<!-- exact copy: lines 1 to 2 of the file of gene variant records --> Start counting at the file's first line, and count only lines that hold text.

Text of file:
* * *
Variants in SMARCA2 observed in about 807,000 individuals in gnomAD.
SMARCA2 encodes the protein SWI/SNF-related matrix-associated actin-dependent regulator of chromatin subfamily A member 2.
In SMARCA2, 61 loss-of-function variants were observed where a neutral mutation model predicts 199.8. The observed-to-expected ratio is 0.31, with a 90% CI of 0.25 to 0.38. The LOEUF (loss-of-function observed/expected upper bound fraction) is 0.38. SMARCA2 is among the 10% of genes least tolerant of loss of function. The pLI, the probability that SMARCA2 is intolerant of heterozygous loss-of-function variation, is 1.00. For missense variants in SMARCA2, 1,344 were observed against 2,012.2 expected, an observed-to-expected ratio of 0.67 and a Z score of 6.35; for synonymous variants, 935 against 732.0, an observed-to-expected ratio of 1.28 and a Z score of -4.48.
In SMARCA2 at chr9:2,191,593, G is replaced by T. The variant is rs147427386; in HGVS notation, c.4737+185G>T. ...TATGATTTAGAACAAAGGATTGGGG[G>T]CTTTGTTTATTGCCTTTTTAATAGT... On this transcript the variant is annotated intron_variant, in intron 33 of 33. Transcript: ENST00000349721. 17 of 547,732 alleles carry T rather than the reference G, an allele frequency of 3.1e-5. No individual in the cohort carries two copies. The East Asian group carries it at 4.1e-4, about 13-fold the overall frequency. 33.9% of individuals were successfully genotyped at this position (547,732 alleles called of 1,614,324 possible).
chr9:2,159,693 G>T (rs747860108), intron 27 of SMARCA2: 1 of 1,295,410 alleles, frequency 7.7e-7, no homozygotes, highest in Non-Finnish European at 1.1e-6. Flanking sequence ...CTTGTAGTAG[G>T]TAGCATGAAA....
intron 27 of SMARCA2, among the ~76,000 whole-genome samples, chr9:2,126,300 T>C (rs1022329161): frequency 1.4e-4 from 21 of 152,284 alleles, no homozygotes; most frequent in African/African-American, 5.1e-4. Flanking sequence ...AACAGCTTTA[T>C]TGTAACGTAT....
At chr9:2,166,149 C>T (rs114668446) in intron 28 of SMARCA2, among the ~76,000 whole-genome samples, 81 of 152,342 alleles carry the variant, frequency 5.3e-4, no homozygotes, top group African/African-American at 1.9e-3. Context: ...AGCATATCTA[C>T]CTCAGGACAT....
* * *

Variants in SMARCA2 observed in about 807,000 individuals in gnomAD.
SMARCA2 encodes the protein SWI/SNF-related matrix-associated actin-dependent regulator of chromatin subfamily A member 2.